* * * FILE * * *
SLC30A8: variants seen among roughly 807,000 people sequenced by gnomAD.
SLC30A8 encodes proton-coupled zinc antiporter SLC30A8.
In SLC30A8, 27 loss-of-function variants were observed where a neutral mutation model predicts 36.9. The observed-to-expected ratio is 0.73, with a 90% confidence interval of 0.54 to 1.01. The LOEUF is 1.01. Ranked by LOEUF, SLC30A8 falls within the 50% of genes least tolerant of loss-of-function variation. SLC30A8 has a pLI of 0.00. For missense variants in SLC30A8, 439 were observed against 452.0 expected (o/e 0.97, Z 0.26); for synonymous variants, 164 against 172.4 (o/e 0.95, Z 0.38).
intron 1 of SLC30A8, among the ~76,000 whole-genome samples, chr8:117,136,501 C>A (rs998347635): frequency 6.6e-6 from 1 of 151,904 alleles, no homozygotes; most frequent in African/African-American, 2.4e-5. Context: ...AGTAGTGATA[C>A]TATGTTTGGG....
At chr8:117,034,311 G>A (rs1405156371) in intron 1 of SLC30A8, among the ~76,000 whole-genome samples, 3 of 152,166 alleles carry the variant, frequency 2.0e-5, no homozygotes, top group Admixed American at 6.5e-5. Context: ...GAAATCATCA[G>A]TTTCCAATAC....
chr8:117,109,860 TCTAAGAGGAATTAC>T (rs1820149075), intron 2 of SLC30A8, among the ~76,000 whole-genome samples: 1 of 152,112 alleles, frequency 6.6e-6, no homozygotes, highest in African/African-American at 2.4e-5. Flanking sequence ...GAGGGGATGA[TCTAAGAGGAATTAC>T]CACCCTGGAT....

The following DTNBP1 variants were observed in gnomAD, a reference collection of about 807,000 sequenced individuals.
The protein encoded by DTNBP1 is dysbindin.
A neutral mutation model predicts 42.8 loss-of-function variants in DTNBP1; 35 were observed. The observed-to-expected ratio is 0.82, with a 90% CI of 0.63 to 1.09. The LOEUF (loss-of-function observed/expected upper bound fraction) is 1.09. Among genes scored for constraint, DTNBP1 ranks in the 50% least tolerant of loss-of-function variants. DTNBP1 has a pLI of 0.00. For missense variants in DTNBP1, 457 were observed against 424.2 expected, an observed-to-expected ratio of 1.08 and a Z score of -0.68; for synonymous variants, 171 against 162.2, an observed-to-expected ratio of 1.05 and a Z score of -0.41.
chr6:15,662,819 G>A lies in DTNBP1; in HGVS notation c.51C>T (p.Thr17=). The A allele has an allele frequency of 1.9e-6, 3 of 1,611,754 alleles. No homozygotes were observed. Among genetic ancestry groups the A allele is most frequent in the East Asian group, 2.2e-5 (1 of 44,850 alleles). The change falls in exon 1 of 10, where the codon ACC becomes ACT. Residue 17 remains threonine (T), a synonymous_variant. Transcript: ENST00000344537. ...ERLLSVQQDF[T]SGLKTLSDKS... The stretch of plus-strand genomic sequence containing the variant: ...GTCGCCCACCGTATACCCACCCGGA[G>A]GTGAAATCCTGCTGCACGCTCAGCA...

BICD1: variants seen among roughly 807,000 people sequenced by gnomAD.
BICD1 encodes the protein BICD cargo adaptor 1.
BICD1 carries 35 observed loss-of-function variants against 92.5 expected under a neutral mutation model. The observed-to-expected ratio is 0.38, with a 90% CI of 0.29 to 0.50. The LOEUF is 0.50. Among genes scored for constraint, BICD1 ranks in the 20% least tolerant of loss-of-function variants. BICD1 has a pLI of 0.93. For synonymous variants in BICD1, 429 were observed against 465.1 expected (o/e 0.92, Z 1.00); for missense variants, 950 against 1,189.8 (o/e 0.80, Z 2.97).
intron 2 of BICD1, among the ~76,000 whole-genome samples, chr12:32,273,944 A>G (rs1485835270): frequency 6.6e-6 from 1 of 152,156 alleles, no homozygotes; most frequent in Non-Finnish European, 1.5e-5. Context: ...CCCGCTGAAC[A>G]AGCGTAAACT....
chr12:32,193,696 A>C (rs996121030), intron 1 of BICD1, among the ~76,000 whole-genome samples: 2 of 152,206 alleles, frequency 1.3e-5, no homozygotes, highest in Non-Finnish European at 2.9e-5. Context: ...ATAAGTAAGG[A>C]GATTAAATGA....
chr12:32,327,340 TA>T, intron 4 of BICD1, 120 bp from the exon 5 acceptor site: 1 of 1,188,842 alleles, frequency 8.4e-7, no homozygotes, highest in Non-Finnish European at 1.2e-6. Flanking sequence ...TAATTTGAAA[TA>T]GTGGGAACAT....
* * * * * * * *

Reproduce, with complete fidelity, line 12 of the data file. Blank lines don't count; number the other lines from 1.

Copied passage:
BICD1 encodes the protein BICD cargo adaptor 1.